Some idea of the esteem in which Cohen is held in certain literary circles are the absolutely eloquent liner notes in the insert booklet of this new Blu-ray, written by The New Republic's Leon Wieseltier. Wieseltier waxes poetic, and really quite profoundly, about our transient society, and how the road is seen as a bridging element between a departure and a destination, rather than a place of its own. "We have forgotten how to be travelers and we are tourists instead, sitting still before the window and watching the world speed past, when in fact we are the ones who are speeding and it s the world that is still, for those who possess the capacity for stillness." Wow. Wieseltier posits Cohen as a mystic traveler, an itinerant shaman who delivered some semblance of the Divine as he played 195 shows between May 2008 and November 2009.
Cohen has always been an artist who plays it, both figuratively and literally, close to the vest, and there is still a somewhat guarded aspect to his persona, even in this up close and personal journey through nearly a year and a half of touring. Though Cohen is perhaps unfairly thought of as a cult figure, the mammoth crowds that greet him in places as far flung as Tel Aviv and Glasgow prove that he has an ardent fan base that is willing to turn out by the thousands to see their musical hero in person. What is truly celebratory about these concerts is not just the fact that Cohen is still spry enough to do them (he's 76), but that he seems to have come to a place of joy himself. Long regarded as either a recluse or a depressive, Cohen may not exactly be tripping the light fantastic in any of these venues, but he's obviously touched and, in his own introspective way, cheerful throughout these twelve disparate performances. In fact, Cohen is blissful, in the most effulgent meaning of that word.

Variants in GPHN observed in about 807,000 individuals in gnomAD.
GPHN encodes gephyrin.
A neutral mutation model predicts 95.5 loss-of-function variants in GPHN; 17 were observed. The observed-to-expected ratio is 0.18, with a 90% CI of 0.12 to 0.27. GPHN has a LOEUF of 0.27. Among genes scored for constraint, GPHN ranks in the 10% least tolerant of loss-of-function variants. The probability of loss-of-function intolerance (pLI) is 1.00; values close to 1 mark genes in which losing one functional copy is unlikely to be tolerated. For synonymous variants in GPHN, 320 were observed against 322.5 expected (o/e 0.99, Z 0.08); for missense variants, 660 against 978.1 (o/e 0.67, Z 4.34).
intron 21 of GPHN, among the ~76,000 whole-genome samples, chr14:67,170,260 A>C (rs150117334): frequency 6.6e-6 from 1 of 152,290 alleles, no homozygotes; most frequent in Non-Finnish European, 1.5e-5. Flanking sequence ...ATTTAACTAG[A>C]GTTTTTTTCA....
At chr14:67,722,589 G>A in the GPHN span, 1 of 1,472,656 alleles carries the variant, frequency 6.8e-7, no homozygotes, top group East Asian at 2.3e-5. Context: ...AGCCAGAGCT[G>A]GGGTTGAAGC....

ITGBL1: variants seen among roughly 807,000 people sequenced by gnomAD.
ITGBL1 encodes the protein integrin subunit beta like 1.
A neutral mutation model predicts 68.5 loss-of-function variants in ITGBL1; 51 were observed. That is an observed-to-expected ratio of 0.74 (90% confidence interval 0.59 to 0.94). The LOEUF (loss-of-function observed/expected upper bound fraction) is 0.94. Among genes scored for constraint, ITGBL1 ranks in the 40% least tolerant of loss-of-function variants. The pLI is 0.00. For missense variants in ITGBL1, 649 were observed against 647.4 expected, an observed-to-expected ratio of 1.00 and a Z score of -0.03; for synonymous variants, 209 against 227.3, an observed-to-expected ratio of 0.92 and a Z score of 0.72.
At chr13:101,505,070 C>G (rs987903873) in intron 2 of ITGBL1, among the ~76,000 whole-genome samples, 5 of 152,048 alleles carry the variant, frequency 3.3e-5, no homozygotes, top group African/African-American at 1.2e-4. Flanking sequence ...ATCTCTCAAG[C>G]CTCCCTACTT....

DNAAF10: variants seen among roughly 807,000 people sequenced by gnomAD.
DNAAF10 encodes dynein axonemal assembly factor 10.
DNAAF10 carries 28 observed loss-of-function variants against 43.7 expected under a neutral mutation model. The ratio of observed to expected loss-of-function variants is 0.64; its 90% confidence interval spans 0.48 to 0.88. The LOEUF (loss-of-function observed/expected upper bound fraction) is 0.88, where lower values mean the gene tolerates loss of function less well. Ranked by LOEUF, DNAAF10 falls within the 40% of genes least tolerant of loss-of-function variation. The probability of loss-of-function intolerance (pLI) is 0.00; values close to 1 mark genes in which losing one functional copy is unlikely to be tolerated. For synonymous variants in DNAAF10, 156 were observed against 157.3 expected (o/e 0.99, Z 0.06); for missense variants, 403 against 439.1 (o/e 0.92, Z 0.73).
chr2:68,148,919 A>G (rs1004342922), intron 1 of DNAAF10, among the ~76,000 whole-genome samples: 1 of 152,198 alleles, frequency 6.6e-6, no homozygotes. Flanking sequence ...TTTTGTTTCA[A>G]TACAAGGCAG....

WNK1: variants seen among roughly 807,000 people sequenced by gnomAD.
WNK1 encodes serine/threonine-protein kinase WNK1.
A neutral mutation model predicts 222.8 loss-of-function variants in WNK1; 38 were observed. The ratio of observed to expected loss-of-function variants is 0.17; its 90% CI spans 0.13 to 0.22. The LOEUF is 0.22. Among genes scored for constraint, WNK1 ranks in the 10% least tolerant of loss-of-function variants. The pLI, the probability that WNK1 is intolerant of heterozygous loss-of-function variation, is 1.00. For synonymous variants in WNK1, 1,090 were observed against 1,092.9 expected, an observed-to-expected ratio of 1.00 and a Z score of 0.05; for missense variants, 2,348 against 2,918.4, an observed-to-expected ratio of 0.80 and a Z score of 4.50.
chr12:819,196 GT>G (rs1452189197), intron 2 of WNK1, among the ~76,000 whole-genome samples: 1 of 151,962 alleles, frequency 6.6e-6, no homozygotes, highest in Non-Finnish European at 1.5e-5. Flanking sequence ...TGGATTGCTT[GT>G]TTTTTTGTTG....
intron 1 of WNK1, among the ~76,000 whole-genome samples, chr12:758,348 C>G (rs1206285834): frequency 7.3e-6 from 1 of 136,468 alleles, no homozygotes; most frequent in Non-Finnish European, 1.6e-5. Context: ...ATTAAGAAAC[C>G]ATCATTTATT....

With his voice significantly deepened and burnished by the increasing years, Cohen is more of a declaimer than he is actually a singer. But that wealth of soul informs his brilliant lyric writing as perhaps a "prettier" voice could never do. Backed by an ace band, including music director/bassist Roscoe Beck and keyboardist Neil Larsen (of the late lamented Feiten-Larsen Band), Cohen calmly moves through twelve of his songs, some classic, some less known. Through it all, Cohen is quietly commanding on stage, communicating the essence of his spirituality, one wise with age but not bowed to cynicism. There's a nice variety to the arrangements here, with several of the band members taking extended solos, and Leonard himself contributing a gypsy guitar lick or two. As might be expected of an artist this enamored of the ballad, there aren't a wealth of up tempo blockbusters here; rather, this is an elegant set of stories set to more contemplative rhythm arrangements.
Leonard's set list is:
Lover, Lover, Lover—Tel Aviv, Israel
Bird on the Wire—Glasgow, Scotland
Chelsea Hotel—London, England
Heart With No Companion—Oberhausen, Germany
That Don't Make It Junk—London, England
Waiting for the Miracle—San Jose, California